The total development cost of Poindexter Village was $126 million (table 1). Legacy Pointe at Poindexter cost $83 million, Poindexter Place cost $17 million, and The Harris cost $2.5 million. CMHA used $20.8 million of the CNI grant for housing development costs and used the remaining CNI grant funds for the people and neighborhood categories of the redevelopment effort. In addition to private mortgages and construction loans, CMHA contributed funds through its capital funds and general revenue accounts. Community development block grant funding, HOME Investment Partnerships funds, and low-income housing tax credit equity also covered the development costs.

Table 1: Funding Sources for Poindexter Village

LIHTC Equity $45,600,000
CMHA Funds 33,100,000
City of Columbus Funds 29,100,000
Private Mortgage 16,600,000
Ohio State Funds 1,600,000
Total $126,000,000

The Blueprint: Concurrent Neighborhood Plans

The redevelopment of Poindexter Village is a crucial component of the Blueprint for Community Investment, a PACT transformation plan for the 800-acre Near East Side neighborhood, situated between downtown Columbus and the city of Bexley but physically isolated by major interstate highways. The neighborhood had experienced disinvestment, leading to distress, crime, and abandonment radiating from the Poindexter Village site. However, the redevelopment project has sparked the area’s transformation, making the Near East Side one of the most desirable neighborhoods to live in the city.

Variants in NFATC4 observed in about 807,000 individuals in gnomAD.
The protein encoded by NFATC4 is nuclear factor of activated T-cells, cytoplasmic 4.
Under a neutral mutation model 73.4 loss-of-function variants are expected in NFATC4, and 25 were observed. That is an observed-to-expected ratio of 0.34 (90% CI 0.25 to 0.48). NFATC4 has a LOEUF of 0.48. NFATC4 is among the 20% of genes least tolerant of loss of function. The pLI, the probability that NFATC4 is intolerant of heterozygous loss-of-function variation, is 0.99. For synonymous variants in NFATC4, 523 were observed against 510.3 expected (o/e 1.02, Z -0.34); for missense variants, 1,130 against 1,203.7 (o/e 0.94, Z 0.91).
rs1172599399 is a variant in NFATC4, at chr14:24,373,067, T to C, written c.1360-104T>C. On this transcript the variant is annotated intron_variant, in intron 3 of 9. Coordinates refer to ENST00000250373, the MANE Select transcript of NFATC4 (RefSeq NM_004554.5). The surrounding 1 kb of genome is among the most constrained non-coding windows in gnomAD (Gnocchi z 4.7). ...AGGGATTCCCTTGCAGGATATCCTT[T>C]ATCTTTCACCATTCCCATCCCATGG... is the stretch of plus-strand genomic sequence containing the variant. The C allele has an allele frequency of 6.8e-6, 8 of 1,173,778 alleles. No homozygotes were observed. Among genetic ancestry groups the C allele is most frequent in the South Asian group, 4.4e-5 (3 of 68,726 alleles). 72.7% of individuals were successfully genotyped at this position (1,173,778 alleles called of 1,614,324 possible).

Alongside housing, the Blueprint includes other initiatives targeting neighborhood retail, green spaces, transportation improvements, and infrastructure enhancements. Notably, it introduces an innovative intergenerational daycare center, a fusion of child care and adult care in partnership with the Ohio State Office of Geriatrics and Gerontology and the Columbus Early Learning Centers. The newly created green spaces will connect University Hospital East and Champion Middle School while preserving historic trees. An efficient street grid will improve both auto and pedestrian circulation, prioritizing safety, comfort, and walkability. In addition, stormwater management at Poindexter will promote sustainability and environmental responsibility within the community. This comprehensive approach combines history, partnerships, and innovative strategies to create a vibrant and healthy community in the Near East Side neighborhood.

Over the lifetime of the CNI grant, Near East Side has realized $300 million in additional neighborhood investment, which has helped deconcentrate poverty. According to Robert Bitzenhofer, CMHA’s vice president for planning and development, the redevelopment of Poindexter Village has spurred population growth and investment in new housing projects, including the construction of market-rate multifamily housing units, which the neighborhood has not had in decades.

The contents of this article are the views of the author(s) and do not necessarily reflect the views or policies of the U.S. Department of Housing and Urban Development or the U.S. Government.